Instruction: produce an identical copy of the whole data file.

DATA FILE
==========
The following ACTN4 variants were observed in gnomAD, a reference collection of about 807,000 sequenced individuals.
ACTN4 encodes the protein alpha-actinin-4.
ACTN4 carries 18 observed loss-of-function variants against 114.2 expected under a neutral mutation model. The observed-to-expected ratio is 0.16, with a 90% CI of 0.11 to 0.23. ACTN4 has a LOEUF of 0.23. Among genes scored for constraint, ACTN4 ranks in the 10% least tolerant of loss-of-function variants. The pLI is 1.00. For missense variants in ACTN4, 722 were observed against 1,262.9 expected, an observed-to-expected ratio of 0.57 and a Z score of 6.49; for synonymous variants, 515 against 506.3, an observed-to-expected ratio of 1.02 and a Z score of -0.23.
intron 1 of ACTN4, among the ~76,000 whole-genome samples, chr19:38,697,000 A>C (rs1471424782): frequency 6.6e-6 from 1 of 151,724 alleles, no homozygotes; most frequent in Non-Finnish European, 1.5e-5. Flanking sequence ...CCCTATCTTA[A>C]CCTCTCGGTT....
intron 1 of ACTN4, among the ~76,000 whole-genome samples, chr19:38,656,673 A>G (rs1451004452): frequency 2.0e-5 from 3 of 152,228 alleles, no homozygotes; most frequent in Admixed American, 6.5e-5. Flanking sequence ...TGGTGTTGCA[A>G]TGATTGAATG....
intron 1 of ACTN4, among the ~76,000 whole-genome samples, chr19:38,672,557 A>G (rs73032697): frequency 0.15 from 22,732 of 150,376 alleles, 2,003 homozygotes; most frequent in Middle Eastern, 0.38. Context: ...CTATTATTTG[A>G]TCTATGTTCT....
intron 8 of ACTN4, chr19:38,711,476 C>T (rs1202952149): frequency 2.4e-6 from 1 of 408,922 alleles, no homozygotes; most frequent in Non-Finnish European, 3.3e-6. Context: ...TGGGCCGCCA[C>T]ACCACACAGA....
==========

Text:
The following ACTN4 variants were observed in gnomAD, a reference collection of about 807,000 sequenced individuals.
ACTN4 encodes the protein alpha-actinin-4.
ACTN4 carries 18 observed loss-of-function variants against 114.2 expected under a neutral mutation model. The observed-to-expected ratio is 0.16, with a 90% CI of 0.11 to 0.23. ACTN4 has a LOEUF of 0.23. Among genes scored for constraint, ACTN4 ranks in the 10% least tolerant of loss-of-function variants. The pLI is 1.00. For missense variants in ACTN4, 722 were observed against 1,262.9 expected, an observed-to-expected ratio of 0.57 and a Z score of 6.49; for synonymous variants, 515 against 506.3, an observed-to-expected ratio of 1.02 and a Z score of -0.23.
intron 1 of ACTN4, among the ~76,000 whole-genome samples, chr19:38,697,000 A>C (rs1471424782): frequency 6.6e-6 from 1 of 151,724 alleles, no homozygotes; most frequent in Non-Finnish European, 1.5e-5. Flanking sequence ...CCCTATCTTA[A>C]CCTCTCGGTT....
intron 1 of ACTN4, among the ~76,000 whole-genome samples, chr19:38,656,673 A>G (rs1451004452): frequency 2.0e-5 from 3 of 152,228 alleles, no homozygotes; most frequent in Admixed American, 6.5e-5. Flanking sequence ...TGGTGTTGCA[A>G]TGATTGAATG....
intron 1 of ACTN4, among the ~76,000 whole-genome samples, chr19:38,672,557 A>G (rs73032697): frequency 0.15 from 22,732 of 150,376 alleles, 2,003 homozygotes; most frequent in Middle Eastern, 0.38. Context: ...CTATTATTTG[A>G]TCTATGTTCT....
intron 8 of ACTN4, chr19:38,711,476 C>T (rs1202952149): frequency 2.4e-6 from 1 of 408,922 alleles, no homozygotes; most frequent in Non-Finnish European, 3.3e-6. Context: ...TGGGCCGCCA[C>T]ACCACACAGA....